Frank, and all the different colors on all those trap buoys too! Navionics has been around since 1984. Their cartography had crossed over to many platforms including PCs, Samsung/Androids, and multiple manufacturers MultiFunction Displays. I use Navionics mostly because it is so familiar, like when shifting from the phone, to aboard various boats in the course of work with Raymarine, B&G, Simrad, or Furuno, and then plan routes on the computer for a weekend excursion. Maybe not the best, but always familiar. Garmin bought out Navionics last year.

  9. Daniel Culpepper says:

    Sorry, the whole beginning was extremely misleading. All iPhones since the model 4 have had an internal GPS chip. The ‘assist’ that it receives from cell towers is just at start up which makes it initialize faster then the Garmin stand-alone. After that both the smart phone and the Garmin have the same GPS data and performance is similar. As for the battery power, the Garmin will be more efficient and last longer but at a high price. Have you been down the Garmin unlock code rabbit hole recently????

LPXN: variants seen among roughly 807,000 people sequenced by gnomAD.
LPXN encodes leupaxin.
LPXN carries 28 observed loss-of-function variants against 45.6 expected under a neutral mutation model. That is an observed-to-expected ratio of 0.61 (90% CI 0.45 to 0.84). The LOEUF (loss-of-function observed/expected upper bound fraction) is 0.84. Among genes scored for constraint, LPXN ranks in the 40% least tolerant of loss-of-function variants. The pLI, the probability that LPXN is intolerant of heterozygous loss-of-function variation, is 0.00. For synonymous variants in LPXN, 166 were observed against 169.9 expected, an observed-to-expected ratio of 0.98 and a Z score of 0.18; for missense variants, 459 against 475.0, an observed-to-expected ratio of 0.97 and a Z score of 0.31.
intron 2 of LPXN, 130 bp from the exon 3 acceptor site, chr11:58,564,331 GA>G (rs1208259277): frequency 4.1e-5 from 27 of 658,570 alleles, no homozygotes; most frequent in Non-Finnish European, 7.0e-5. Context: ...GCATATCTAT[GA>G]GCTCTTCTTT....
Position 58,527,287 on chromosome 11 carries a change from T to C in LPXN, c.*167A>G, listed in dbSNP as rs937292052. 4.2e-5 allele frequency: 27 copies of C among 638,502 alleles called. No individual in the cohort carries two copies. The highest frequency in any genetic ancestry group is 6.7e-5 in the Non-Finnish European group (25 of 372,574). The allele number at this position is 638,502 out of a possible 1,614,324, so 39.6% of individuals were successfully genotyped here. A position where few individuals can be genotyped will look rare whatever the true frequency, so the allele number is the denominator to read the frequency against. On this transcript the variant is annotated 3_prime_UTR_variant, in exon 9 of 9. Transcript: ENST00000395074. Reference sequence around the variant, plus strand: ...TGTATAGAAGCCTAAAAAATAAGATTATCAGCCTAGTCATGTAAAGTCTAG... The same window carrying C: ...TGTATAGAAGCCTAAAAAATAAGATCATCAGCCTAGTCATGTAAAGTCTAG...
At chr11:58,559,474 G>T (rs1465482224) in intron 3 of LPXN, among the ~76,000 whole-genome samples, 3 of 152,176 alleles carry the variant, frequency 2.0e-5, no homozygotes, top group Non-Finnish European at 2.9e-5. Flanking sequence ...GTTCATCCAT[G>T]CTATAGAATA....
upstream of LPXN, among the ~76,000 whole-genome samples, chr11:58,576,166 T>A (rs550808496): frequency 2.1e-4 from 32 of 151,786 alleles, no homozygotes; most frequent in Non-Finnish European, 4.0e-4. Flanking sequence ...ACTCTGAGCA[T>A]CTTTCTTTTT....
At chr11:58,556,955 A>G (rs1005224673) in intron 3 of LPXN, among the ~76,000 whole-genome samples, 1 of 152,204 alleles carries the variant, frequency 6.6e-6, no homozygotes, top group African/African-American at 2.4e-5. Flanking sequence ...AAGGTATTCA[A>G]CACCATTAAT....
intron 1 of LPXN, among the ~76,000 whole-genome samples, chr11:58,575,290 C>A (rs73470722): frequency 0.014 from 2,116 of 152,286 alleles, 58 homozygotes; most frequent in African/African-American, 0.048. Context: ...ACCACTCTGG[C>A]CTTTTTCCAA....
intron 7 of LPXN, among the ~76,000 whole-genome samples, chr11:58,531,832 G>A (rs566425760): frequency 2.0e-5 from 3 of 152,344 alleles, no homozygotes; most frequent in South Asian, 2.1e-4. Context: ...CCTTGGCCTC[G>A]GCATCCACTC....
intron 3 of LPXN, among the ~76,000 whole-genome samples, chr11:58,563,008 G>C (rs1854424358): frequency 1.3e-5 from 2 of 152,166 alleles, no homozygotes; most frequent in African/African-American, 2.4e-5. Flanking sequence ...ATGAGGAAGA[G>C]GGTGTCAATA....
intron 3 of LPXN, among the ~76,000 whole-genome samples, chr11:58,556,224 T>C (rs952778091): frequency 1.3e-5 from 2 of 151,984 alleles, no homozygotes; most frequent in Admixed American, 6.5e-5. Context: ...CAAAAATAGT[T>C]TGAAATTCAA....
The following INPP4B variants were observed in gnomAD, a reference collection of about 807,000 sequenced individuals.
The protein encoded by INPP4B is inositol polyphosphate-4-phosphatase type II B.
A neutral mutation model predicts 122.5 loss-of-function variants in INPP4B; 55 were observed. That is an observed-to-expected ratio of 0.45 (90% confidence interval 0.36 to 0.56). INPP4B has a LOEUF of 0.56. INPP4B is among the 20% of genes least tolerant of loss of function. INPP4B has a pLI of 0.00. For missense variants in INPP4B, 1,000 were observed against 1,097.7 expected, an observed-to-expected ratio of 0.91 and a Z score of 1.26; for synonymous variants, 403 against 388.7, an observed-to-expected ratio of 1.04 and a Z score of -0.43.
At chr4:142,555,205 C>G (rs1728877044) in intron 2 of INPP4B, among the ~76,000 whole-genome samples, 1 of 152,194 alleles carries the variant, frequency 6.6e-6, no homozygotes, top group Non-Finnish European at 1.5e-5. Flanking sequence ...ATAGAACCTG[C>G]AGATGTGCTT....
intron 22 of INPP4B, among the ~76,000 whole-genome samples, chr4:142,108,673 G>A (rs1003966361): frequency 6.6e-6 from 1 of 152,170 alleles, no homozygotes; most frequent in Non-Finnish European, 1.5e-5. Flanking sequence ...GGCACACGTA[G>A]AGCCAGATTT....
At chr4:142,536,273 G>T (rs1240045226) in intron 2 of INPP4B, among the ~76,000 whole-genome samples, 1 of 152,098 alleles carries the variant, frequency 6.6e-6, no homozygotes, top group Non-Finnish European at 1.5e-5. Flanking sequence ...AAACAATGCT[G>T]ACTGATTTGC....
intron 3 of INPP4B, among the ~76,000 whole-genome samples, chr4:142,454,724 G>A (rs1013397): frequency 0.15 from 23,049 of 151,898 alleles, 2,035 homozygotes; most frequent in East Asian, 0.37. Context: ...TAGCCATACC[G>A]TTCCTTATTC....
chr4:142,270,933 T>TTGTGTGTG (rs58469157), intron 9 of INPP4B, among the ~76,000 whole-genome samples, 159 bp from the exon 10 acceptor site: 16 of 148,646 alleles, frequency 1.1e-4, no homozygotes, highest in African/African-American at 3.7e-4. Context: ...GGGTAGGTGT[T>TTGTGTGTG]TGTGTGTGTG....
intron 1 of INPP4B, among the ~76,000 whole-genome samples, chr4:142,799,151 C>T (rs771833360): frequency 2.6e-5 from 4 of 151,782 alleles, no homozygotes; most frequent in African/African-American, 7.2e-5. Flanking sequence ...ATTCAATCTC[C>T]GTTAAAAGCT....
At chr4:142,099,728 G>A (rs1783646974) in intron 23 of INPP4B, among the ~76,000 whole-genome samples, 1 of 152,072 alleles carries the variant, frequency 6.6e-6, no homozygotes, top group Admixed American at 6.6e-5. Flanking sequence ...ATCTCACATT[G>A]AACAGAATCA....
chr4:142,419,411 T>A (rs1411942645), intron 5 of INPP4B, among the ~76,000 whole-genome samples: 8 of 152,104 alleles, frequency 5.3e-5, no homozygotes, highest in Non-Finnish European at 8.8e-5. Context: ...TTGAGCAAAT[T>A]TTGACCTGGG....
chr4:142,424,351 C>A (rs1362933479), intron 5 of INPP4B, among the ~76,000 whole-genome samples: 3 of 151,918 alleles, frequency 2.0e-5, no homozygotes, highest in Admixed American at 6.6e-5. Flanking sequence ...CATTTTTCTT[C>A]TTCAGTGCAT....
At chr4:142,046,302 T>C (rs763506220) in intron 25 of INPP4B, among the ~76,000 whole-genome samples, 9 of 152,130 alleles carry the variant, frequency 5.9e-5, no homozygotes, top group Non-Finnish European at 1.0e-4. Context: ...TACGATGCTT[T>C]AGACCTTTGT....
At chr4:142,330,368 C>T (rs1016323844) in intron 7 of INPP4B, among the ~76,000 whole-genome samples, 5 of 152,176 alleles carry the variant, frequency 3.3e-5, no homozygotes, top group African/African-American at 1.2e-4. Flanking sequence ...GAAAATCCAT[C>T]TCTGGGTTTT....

• Kim Baker says:

      Daniel, yes, since model 3 they say. All US and Bahama charts are built into the handheld shown in the video, so, are you unlocking cartography outside the US? iPhone users are less than a quarter of smartphones in use, so I am talking to the majority, into which I fall, and have a Galaxy S7 (then flagship) which does not work as a stand alone GPS, for whatever reason.
      Correct my math, but does the new flagship iPhone X cost three times more than the handheld?

      • Chris Noto says:

        No, the iPhone X is five times the price of the Garmin, at $1,000! I do think, though, that you specified iPhone in your comment, rather than “cell phone.”

        One drawback of the phone, for boating use, is that touchscreens will not recognize a wet finger! Bummer.

      • Zachary Bicknell says:

        According to specs online the Galaxy S7 has GPS standard. I have taken multiple android cell phones far off shore and have never had GPS issues as long as the maps are preloaded.

  10. Jos Verbaken says:

    My trusty old handheld Garmin goes on every trip. The iPad is useful but nowhere as accurate, the Garmin and other devices show positional accuracy, it’s not shown on the iPad but an app called GPS Status will.